I am a forty something year old Melbourne based photographer covering a broad range of genre’s from sports to portraits and travel.
My introduction into photography started with doing some kitesurfing photos, but with the arrival of my first daughter, my focus shifted to family and the vast majority of my photos are either family or street. I still try to get extreme sports when I am not kitesurfing myself.
My current non-personal photography work is confined to charity and not-for-profit engagements where I am engaged in photography for a number charity events to give back to the community and help support fund raising for these organisations. These include the homeless and cancer events.
I do not currently do any paid commercial work as I run a successful non-photography business and this allows me to explore my personal creativity with photography.
You have to love the internet, it’s become a treasure trove of information and people create and share content all over the place that they have taken the time to create. The best part about it, is that the majority of this content is free, you just have to decipher between the bull#$%@ (like some of the youtubers who have absolutely no clue).
I can’t claim the credit for this, it came complements of someone by the name of Dennis from Florida (included a screenshot) from DPreview who has created a spread sheet which covers every single setting on the A7Riii along with links to the help files for the various settings, along with some links to videos from the likes of Mark Galer. File is downloadable.
I often cringe when I see the responses to a forum post on how to carry a Sony 70-200mm f/2.8 or Sony 100-400mm. People seem completely oblivious to the damage they are doing to the mounts on their cameras. Worst yet, they are happily advising other users to do the same.
How do you know whether to reconsider how you carry your camera/lens combination? If it comes with a lens collar that allows for attachment directly to the lens, the rule of thumb is to use the lens attachment as these lenses are likely to be heavier than the camera body.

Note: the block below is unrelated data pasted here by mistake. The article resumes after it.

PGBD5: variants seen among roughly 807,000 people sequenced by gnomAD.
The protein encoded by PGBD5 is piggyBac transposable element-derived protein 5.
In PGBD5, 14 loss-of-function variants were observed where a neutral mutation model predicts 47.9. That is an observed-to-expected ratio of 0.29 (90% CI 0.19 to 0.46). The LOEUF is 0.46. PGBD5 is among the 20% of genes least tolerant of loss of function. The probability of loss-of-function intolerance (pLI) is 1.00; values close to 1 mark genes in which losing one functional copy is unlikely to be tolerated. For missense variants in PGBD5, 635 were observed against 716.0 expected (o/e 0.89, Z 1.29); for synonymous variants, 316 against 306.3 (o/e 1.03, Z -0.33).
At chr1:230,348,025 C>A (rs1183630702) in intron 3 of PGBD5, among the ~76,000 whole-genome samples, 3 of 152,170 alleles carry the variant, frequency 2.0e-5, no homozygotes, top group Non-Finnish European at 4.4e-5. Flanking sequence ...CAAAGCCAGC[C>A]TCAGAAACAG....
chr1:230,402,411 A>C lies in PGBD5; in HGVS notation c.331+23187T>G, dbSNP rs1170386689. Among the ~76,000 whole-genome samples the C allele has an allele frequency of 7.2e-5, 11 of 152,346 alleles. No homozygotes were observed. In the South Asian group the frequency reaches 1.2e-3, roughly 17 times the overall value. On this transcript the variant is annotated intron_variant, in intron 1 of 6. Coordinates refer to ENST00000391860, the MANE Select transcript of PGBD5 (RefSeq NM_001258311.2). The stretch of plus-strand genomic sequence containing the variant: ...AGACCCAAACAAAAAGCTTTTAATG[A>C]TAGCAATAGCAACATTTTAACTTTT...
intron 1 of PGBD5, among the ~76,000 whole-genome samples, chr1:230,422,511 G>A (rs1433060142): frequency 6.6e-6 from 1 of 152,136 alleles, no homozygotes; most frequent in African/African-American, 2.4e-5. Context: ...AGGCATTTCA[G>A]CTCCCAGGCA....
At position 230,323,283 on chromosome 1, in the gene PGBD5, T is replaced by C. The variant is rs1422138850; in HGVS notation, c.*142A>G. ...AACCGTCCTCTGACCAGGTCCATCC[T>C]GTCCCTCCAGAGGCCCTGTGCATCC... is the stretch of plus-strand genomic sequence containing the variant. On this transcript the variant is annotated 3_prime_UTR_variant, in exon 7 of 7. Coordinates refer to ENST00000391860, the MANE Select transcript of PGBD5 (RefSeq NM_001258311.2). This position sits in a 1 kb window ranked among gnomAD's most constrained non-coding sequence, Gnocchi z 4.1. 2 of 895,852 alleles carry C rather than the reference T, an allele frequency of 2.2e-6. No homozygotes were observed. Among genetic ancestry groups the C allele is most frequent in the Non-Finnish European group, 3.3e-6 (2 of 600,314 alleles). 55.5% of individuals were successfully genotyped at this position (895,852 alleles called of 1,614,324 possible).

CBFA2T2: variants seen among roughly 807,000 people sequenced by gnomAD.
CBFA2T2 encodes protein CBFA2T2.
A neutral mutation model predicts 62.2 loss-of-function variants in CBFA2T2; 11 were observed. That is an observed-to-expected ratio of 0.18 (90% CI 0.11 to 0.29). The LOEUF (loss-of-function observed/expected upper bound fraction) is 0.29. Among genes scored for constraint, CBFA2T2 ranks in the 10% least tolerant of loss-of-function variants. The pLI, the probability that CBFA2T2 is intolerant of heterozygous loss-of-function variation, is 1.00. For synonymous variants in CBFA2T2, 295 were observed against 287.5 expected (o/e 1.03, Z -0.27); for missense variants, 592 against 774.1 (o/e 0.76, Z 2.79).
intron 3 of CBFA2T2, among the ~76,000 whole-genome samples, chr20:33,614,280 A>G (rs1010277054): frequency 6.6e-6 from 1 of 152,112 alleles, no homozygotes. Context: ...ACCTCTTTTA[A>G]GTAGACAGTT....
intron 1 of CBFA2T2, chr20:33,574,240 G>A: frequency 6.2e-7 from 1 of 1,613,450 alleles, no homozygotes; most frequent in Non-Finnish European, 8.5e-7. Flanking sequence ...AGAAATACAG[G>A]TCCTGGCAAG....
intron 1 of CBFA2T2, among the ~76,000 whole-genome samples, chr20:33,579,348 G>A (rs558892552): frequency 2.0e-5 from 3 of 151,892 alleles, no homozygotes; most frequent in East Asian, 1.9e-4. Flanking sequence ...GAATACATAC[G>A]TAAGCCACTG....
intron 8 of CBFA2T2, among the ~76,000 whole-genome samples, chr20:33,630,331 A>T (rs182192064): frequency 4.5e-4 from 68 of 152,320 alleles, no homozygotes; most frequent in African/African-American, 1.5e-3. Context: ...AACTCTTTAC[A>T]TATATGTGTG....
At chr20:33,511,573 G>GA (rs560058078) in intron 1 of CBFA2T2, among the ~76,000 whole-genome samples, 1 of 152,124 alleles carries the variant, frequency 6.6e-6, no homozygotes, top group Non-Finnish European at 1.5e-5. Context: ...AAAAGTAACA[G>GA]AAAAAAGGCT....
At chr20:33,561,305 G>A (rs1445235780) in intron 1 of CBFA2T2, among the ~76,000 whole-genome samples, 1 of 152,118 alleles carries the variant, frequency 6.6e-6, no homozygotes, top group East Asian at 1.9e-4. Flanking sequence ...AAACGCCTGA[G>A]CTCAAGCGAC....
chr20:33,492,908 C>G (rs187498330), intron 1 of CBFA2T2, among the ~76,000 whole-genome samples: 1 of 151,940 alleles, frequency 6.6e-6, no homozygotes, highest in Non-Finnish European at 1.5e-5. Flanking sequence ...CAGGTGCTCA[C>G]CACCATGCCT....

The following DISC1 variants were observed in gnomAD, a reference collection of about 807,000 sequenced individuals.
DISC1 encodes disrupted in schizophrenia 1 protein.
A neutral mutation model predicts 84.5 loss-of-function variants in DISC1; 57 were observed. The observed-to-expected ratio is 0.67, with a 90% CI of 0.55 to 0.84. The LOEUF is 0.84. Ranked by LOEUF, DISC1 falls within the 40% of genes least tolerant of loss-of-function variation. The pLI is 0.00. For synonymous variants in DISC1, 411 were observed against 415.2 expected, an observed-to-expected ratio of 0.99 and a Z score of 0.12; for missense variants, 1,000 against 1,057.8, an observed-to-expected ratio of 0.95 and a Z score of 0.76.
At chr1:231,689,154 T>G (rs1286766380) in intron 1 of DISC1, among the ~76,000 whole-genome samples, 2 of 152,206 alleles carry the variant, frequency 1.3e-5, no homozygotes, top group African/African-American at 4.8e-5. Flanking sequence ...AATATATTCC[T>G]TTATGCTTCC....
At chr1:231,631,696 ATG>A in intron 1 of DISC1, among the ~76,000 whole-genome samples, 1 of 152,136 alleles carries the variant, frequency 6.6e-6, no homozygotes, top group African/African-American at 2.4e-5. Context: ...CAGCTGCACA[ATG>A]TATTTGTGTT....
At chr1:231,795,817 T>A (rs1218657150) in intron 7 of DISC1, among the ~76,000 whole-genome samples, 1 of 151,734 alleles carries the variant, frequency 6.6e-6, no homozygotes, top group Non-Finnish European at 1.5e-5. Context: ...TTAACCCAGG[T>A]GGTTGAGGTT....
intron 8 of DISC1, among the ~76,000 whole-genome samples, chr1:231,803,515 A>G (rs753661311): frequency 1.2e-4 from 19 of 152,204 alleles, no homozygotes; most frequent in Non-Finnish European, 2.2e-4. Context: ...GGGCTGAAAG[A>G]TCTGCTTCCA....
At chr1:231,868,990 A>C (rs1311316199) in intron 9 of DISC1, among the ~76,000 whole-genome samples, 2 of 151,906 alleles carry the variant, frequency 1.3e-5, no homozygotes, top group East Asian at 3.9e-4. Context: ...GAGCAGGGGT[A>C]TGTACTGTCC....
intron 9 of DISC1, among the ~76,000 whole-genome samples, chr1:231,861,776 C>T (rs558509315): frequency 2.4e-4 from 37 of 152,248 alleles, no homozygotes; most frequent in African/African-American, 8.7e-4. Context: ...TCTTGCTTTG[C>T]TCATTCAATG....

Dear Full Frame users, stop saying you need Full Frame to “grow”, “take good photos” or whatever other crap you feed yourself at night to make yourself feel better.
Yes, to be clear…it’s a myth. You don’t need a full frame sensor to be producing professional world class photos. There are many, very good, professional photos who use APS-C, whether that is Sony, Fujifilm, Nikon or Canon.
Yeah, that’s right, if you were unfortunate enough to buy Capture One for Sony in the last month or two, you’re stuck with an upgrade headed your way along with a price to boot. Not only have the prices jumped substantially, but the upgrade cost is substantially higher than a normal purchase.
As a recent switcher to Capture One, I have to say I love the software, but honestly, what the hell were you guys thinking on the price? You would have a lot more luck if you came in with something close to Adobe’s pricing model on the subscription.
The good news is my new Surf Housing arrived on Friday evening which is one of the first Seafrogs Pistol grip versions in the market. The A7Riii and A7iii versions are obviously compatible due to the button layout but I can’t confirm whether this will be compatible with the A9.
There will be a review the moment I get it out into the water.
With both Nikon and Canon having released systems recently, quite a few people have contacted me to find out why I went Sony, so I would put together was some reasons behind the selection of Sony as opposed to Nikon and Canon.
Just to be clear, from a brand perspective, I have nothing against Nikon and Canon, they have great camera gear. I left Nikon previously and my reasons related to mirrorless. If I was with them now, they might be the logical choice. I saw mirrorless as the future about 3 Years ago. Unfortunately Nikon wasn’t talking a thinking of mirrorless at the time. I was unhappy with their lack of transparency, not the gear.
So, if I considered both, where did they go wrong?
Glass is glass, or at least that’s what you normally think. To a large degree, you would expect the focal lengths to at least stay static, but that’s not always the case has my recent move from Fujifilm to Sony shows.
There are the obvious items, like the availability of lenses in specific focal lengths, If it’s not available, it’s not available, but that played less of a factor than I expected.